The use of the relatively “new” and absolutely “cheap” ESP8266 IC generates a rush in the apparition of new IoT applications.
Lately I’m looking for devices that can run on batteries for months.
A device inside my mailbox twittering when the door was opened.
A moisture sensor reporting every hour from a spot in the garden, sending the data to ThingSpeak .
A tank level sensor reporting when low critical level is reached.
Working with Energía and the Texas Intrument’s Launchpads found the EnergyTrace tool.
How EnergyTrace measure power?
A software controlled DC-DC converter generates the target power supply (1.2 V-3.6 V).
The time density of the DC-DC converter charge pulses equals the energy consumption of the target microcontroller.
A built-in calibration circuit defines the energy equivalent for a single charge pulse.
The width of pulses remains constant. By counting the charge pulses during a period of timed the average current is calculated.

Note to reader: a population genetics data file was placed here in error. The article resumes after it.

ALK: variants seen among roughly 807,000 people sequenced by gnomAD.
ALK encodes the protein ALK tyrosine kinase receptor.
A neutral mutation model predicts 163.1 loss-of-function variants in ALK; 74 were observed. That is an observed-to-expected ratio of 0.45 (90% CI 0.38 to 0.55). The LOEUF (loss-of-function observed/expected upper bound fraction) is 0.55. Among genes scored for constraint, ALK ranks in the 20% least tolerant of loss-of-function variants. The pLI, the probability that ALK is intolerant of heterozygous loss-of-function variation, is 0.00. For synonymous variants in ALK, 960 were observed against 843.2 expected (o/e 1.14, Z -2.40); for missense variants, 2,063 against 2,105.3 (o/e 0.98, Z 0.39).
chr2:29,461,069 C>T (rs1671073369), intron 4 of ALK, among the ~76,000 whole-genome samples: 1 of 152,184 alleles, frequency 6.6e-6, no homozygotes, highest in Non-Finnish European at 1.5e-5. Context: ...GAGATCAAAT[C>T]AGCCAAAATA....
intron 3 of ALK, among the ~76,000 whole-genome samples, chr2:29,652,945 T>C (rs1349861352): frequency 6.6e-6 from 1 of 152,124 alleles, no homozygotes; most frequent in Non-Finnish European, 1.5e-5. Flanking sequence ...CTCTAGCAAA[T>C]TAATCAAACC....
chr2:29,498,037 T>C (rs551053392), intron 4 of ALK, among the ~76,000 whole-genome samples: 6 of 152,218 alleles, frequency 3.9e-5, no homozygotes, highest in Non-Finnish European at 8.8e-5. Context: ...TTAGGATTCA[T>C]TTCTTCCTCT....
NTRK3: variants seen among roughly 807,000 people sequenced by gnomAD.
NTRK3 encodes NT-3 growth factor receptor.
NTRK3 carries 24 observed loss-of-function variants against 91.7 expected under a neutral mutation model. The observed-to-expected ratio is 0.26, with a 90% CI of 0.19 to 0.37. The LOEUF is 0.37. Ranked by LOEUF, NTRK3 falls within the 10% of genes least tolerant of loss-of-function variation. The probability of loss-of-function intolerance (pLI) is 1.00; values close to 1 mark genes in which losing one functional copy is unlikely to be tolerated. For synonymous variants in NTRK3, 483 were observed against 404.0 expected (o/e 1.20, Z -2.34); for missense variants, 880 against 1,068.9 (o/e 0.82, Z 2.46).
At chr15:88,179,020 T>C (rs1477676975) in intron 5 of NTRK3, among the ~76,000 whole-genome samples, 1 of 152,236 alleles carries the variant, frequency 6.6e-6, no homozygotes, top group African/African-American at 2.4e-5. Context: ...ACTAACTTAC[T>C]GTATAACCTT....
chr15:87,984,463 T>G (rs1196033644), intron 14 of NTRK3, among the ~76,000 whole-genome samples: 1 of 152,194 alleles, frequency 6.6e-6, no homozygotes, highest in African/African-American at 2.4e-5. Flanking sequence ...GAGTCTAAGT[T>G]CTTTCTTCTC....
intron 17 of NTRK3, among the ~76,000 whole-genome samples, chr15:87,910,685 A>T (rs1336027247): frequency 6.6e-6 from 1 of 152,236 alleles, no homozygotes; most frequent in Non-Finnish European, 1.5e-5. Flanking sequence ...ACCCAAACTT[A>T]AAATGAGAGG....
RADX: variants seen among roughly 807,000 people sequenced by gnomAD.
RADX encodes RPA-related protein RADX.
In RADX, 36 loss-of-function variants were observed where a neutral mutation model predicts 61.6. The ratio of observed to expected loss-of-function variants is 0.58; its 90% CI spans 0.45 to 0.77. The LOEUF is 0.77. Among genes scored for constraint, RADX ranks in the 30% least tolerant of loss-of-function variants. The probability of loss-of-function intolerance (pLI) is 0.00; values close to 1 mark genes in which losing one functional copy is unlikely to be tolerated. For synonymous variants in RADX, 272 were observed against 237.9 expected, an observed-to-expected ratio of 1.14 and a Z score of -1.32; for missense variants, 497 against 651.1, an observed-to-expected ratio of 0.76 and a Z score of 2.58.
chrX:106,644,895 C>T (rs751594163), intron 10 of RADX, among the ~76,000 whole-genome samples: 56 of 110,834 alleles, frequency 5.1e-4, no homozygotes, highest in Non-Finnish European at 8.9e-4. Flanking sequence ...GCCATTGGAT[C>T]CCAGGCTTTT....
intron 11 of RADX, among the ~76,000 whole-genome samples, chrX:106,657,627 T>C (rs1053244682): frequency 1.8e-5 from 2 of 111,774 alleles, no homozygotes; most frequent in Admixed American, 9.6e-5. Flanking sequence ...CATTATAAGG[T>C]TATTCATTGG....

By removing the jumper of 3.3V to the development section and connecting my ESP8266 based device the EnergyTrace can be used to estimate the battery life.
My approach for the battery power is to use a LDO regulator with very low quiescent current and 3 AA alkaline batteries.
To reduce power the power-on LED and the light sensor LDR were removed.
The RGB led and some other resistors were also removed.
Finally the module worked for 4 months and 7 days !!!
This post is in construction….
hello, any news on this topic? I am eager to know. In particular about wifi at full power or in “listening” mode, and other modes